Women earn on average 13% less per hour than men in the EU. That gender pay disparity was measured by the European Commission in 2020, at which time the Commission also found that the gap has only changed minimally over the last decade.
“The gender pay gap measures a broader concept than pay discrimination and comprehends a large number of inequalities women face in access to work, progression and rewards,” the Commission says.
These include pay discrimination and the burden of additional responsibilities. Women have more work hours per week than men, but they also spend more hours on unpaid work, which can affect their paid employment choices.
A new directive to improve work-life balance in the EU entered adoption in the summer of this year, designed to set out minimum standards for paternity, parental and carers’ leave, for example.
The directive was also designed to increase the participation of women in the labour market. Overall, women’s employment rate in the EU is 10.8% lower than men’s, and only 68% of women with care responsibilities work – that compares to 81% of men with the same duties.
But systemic issues remain, such as the fact that there is a glass ceiling for women in the EU. Less than 8% of top companies’ CEOs are women, and women in management positions are paid 23% less than men.
Women also suffer from the ”broken rung”. It is a phenomenon where women in entry level positions are promoted to managerial positions at much lower rates than men, and was identified in research by McKinsey and LeanIn.Org. The joint study found that for every 100 men promoted to manager, only 86 women are promoted.
Despite all this, Helen Ashton, CEO of management consultancy Shape Beyond and a former CFO of Asos plc, says it is essential for women to step into leadership roles.
Ashton, speaking at a recent Women in Business and Tech Conference in London said, “In the experience I’ve had, it’s pretty tricky to get into a leadership position as a woman. Whether we like it or not, if you ask somebody to describe what a leader would look like, they will tend to describe a middle-aged white man, usually quite attractive, tall, charismatic, forceful, very confident.”
But, she says, if we can get past the vision of a man, the issue goes away. “The reality is, people don’t really care whether you’re a male or a female. They just want to be led by somebody who’s inspirational and actually a good leader.”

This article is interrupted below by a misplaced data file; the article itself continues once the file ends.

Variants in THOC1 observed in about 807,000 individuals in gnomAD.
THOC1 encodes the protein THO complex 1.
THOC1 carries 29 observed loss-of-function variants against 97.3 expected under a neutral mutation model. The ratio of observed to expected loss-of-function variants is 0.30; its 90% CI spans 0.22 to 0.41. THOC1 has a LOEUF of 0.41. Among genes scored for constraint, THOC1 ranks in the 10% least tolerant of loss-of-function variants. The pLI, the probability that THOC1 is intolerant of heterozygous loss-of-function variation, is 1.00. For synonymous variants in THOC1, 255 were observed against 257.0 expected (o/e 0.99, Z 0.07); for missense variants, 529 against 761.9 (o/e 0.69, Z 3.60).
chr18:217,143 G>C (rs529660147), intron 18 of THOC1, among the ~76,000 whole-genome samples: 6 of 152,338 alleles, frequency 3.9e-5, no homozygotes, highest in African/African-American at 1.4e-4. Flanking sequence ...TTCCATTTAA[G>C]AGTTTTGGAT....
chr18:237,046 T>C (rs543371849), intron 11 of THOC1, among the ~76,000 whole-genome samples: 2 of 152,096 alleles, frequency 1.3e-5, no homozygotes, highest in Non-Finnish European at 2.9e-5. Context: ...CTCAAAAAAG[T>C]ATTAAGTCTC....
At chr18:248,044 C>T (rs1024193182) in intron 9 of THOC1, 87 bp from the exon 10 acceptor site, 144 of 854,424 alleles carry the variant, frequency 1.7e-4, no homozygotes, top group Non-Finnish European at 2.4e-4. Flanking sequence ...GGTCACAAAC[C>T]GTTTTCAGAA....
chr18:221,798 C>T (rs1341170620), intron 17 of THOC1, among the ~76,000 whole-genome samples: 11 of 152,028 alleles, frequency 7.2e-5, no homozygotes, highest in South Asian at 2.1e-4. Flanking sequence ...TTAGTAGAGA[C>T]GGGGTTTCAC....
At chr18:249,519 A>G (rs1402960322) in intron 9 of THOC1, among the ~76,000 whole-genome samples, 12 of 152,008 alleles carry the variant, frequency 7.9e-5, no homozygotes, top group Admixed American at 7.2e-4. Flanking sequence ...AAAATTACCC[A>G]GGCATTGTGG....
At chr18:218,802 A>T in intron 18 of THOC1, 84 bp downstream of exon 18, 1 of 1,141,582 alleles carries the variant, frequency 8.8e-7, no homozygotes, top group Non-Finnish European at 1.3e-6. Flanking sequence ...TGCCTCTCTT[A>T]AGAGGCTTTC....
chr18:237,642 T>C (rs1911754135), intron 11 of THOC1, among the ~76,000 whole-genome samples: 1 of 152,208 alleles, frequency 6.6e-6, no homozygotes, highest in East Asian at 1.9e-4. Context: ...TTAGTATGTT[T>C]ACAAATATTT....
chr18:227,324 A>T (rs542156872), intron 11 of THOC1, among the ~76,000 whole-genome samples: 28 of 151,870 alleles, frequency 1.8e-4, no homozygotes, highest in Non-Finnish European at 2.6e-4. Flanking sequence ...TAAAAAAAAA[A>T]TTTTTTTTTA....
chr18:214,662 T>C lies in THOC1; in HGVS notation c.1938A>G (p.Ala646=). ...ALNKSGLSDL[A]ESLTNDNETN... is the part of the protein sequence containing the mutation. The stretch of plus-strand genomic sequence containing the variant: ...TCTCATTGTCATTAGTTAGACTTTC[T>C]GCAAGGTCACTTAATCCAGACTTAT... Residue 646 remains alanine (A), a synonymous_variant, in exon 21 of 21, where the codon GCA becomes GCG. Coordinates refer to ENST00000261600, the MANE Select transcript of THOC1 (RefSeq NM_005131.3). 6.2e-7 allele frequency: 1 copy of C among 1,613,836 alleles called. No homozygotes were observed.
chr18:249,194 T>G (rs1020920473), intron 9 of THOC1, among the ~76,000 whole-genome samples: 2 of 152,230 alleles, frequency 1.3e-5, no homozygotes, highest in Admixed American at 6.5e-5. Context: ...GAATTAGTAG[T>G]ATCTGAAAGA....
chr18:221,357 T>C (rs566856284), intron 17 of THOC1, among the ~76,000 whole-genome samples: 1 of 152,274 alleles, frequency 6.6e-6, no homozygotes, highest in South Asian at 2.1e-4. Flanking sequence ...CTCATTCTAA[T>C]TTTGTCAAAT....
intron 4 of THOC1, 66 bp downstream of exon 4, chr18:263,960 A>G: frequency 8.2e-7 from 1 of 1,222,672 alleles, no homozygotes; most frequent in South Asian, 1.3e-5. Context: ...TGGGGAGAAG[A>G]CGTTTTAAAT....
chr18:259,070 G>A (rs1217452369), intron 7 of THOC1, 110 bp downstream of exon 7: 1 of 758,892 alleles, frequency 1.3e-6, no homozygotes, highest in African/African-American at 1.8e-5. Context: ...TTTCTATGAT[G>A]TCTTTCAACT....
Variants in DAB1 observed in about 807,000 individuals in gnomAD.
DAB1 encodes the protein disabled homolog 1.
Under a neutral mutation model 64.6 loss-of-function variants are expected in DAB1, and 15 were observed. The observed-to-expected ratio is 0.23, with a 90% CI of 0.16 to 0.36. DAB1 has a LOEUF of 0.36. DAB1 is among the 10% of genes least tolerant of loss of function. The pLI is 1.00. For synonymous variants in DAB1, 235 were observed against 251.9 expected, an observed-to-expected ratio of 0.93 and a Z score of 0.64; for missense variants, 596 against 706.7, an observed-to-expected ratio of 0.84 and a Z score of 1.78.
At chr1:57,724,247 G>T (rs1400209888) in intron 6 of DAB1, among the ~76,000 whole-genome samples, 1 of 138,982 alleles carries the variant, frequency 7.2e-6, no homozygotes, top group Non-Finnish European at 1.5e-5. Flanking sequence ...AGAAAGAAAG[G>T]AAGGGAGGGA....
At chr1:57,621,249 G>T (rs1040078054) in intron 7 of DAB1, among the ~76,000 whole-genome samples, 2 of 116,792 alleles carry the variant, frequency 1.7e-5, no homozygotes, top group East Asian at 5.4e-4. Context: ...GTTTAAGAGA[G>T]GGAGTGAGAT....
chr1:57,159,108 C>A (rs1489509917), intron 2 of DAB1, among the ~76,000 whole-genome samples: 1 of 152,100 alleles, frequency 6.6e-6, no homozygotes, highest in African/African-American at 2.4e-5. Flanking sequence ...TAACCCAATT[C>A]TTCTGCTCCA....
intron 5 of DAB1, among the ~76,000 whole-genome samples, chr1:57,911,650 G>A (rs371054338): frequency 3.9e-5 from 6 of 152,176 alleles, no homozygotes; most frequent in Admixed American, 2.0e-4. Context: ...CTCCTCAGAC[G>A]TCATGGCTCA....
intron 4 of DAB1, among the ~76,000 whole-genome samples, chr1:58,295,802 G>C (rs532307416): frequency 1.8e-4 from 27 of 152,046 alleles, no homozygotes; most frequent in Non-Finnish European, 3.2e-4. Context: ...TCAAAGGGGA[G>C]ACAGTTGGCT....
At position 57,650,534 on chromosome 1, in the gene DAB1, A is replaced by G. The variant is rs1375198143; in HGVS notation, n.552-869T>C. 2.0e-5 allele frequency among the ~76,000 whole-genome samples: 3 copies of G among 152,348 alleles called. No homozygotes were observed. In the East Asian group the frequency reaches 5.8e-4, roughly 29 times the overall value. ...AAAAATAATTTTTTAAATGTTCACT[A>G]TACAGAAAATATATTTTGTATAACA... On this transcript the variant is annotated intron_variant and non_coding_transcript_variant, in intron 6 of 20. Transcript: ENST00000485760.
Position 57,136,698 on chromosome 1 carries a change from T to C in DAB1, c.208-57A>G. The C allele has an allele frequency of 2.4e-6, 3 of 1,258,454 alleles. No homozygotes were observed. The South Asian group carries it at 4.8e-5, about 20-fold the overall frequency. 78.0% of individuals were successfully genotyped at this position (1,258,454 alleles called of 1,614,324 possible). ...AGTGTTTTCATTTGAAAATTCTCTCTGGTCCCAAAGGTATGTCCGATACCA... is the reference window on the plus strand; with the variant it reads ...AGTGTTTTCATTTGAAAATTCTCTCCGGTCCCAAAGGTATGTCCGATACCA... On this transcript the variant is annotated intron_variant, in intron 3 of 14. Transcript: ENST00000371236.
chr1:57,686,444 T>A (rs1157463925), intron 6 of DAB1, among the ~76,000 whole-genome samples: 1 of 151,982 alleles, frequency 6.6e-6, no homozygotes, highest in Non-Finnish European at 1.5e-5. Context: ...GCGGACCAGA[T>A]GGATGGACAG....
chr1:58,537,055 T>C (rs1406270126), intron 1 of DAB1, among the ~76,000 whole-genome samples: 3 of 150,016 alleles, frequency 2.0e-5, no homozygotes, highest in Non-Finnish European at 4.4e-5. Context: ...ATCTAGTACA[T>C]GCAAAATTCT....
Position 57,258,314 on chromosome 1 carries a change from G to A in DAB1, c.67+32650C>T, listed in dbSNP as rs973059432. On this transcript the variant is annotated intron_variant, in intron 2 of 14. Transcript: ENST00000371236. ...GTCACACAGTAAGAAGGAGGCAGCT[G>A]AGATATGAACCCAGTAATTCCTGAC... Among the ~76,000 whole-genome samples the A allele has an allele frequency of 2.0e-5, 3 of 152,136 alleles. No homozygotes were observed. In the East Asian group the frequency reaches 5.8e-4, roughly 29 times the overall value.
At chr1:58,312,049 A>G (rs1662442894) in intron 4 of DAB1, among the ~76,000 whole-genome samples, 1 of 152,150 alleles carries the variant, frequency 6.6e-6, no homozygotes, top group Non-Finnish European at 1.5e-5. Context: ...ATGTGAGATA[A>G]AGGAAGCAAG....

Another issue that affects the climb up the management ladder is a stereotype around how women present themselves in the workplace. “I’ve been called too emotional, I’ve been called not emotional enough. I’ve been called an ice queen. There are so many different things that you tend to get called when you’re a woman,” Ashton says.
Ashton also says that women have leadership qualities in abundance. “Persuasion; female leaders are very good at persuading people, and we’re really willing to reinvent the rules. So, you know, we tend to kind of just go, ‘Yeah, about that, it kind of doesn’t work, there’s a better way of doing it, why wouldn’t we just try this?’”
She says women work well in values-driven organisations that ultimately deliver a better experience to everyone working there. “If you work in a sector that actually is quite hire and fire, and it doesn’t really focus on professional development, or team building or any of those things, then that’s difficult.”
Developing agility is her big key to future business success. “Agility comes from enabling people to get on and do what they need to do,” she says, adding, “I think it’s time for women’s leadership to really have its moment, it feels like the right time […] and organisations out there are absolutely crying out for it.”
If you’re looking for a new role, there are plenty of companies out there that understand this need. Salesforce, the world’s biggest CRM software company, has a specific programme in place for women returning to the workforce. It’s called Bring Women Back to Work, and helps those who have taken long career breaks in their journeys back into business within a new industry. Discover all open roles at Salesforce here.
Microsoft is a partner of the United Nations, and has pledged to support its Sustainable Development Goals (SDGs), a set of 17 initiatives adopted by member states in 2015 focused on creating a more inclusive, sustainable and equitable world by 2030. Through its Microsoft #BuildFor2030 Initiative, it partners with community organisations, like Women in Cloud (WIC), and via the WIC accelerator, the company supports women entrepreneurs in building and publishing their solutions to the commercial marketplace, too. Browse open roles at Microsoft.
Or check out ByteDance, TikTok’s parent company which was recently featured on a Forbes’ list of The World’s Top Female-Friendly Companies. You can browse all its open roles here.
For more remote working opportunities visit the Silicon Canals Job Board today
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